In contrast, the black shales in lower shelf settings, such as in southwestern Kansas, are typically thick. The black shales here, where siliciclastic influx was minimal, probably represent extended periods of slow sedimentation in relatively deep water. Anoxic and dysoxic bottom conditions apparently continued beyond the period of flooding as a result of greater water depths and likely stagnant bottom conditions. Accordingly, carbonate sedimentation on the lower shelf did not begin until water depths sufficiently shallowed to reach the euphotic zone. Initial carbonate sedimentation that follows black shale deposition on the lower shelf is commonly dark and silty with abundant wisps of black clay and scattered red and amber organic macerals. Together this evidence suggests that elevated organic productivity or bottom stagnation was intermittent. Also, macrofossils are sparse in these basal carbonate units, and trace fossils such as Zoophycus are present in these dark basal carbonate deposits. Minor oscillations in sea level or changes in water circulation or climate apparently led to the episodic return to low-oxygen conditions of the bottom water before long-term carbonate accumulation was established.
Four Upper Pennsylvanian sedimentary cycles were simulated at three locations on the western Kansas shelf. These locations are located on a dip-oriented transect of this ramp crossing 70 m (230 ft) of relief. Only tectonics-driven subsidence is considered, ranging from -0.05 m/k.y. (-0.2 ft/k.y.) on the northern (upper) shelf location to -0.2 m/k.y. (-0.7 ft/k.y.) on the lower shelf (near the Anadarko basin). The eustatic record is the estimated curve from the late Pleistocene based on the δ18O record from planktonic foraminifers from a deep-sea core taken in the Caribbean (Broecker and Van Donk, 1970). The time scale of the Pleistocene record is expanded 4 times to make a cycle duration of 400,000 years. The magnitude of sea-level change is -110 m (-360 ft). The reference elevation (0 m) is maximum highstand in sea level. Calculations are based on 10-k.y. time steps. No erosion occurs during subaerial exposure, and no compaction is included. The sedimentary columns include flooding units, condensed sections, and subtidal and shoal-water carbonate deposits. The scale of the vertical columns is meters and the scale of the horizontal columns at the top of the plot is thousands of years. Comparisons with ancient units require 50% compaction of these results.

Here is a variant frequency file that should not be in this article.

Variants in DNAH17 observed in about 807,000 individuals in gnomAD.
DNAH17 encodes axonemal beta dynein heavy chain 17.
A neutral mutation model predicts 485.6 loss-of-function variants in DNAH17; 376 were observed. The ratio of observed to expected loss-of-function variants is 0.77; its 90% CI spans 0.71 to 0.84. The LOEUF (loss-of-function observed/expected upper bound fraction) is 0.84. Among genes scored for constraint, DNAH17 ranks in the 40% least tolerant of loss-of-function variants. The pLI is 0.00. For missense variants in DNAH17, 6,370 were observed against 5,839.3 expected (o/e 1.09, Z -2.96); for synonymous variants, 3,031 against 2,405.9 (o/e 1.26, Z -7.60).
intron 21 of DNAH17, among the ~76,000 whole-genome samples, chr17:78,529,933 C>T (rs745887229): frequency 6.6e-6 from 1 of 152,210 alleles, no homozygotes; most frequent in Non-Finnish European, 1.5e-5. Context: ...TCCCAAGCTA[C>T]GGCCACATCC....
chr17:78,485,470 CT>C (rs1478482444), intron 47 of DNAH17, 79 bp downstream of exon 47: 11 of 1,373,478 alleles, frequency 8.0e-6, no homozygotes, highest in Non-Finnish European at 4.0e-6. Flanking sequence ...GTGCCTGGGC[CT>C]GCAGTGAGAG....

The model results are described in sequence, the first one for the upper shelf (fig. 9), then the middle shelf simulation (fig. 10), and finally the lower shelf (fig. 11).
Figure 9--One-dimensional computer simulation of Missourian cycles located on upper shelf in western Kansas. Horizontal axis is time in thousands of years; vertical axis is depth in meters. Process model runs from parameters described in the text and closely follows the example described and illustrated in fig. 2. Columns of sediment generated in time and at depth in the simulation are manually added according to depth-dependent carbonate facies. Starting elevation is -20 m (-66 ft), potential sediment accumulation rate is 0.2 m/k.y. (0.7 ft/k.y.), and subsidence rate is -0.05 m/k.y. (-0.2 ft/k.y.). Numbers of flooding, condensed intervals, and subaerial exposure surfaces generated are indicated below each depth column.
Figure 10--Computer simulation for a middle shelf setting for Missourian cycles in western Kansas. Initial sediment elevation is -50 m (-160 ft), potential sediment accumulation rate is 0.3 m/k.y. (1.0 ft/k.y.), and subsidence rate is -0.1 m/k.y. (-0.3 ft/k.y.). See figs. 2 and 9 for additional explanation.
Figure 11--Computer simulation for a lower shelf setting for Missourian cycles in western Kansas. Initial sediment surface elevation is -70 m (-230 ft), potential sediment accumulation rate is -0.35 m/k.y. (-1.1 ft/k.y.), and subsidence rate is -0.2 m/k.y. (-0.7 ft/k.y.). Cycle 4 represents sediment starvation. See figs. 2 and 9 for additional explanation.
The upper shelf setting is defined by high initial sediment elevation [-20 m (-66 ft)], slow average subsidence [-0.05 m/k.y. (-0.2 ft/k.y.)], and slow average potential sediment accumulation rate [0.2 m/k.y. (0.7 ft/k.y.)]. The four simulated cycles on the upper shelf are thin because of limited duration of marine inundation and prolonged subaerial exposure (fig. 9). The initial sediment surface drops in elevation in three successive cycles, because sediment accumulation is unable to keep pace with subsidence. The complicated sea-level history of the third and fourth cycles results in several flooding and shallowing-upward packages punctuated by short intervals of subaerial exposure. The simulated sediment columns are relatively thin and contain a high percentage of shoal-water sediments. Condensed sections occur in the second and fourth simulated cycles and result from sustained, rapid deepening during glacial-eustatic rise. Cycles 1 and 3 were influenced by eustatic rises that were not sustained and did not lead to deep-water conditions. The horizontal time-stratigraphic column indicates that no sediment deposition occurred during 80% of the total duration of the four sea-level cycles. This is due to prolonged subaerial exposure in this high shelf position. Actual Pennsylvanian cycles on the upper shelf are of similar thickness with abundant shoal-water deposits and evidence of substantial subaerial exposure (fig. 5).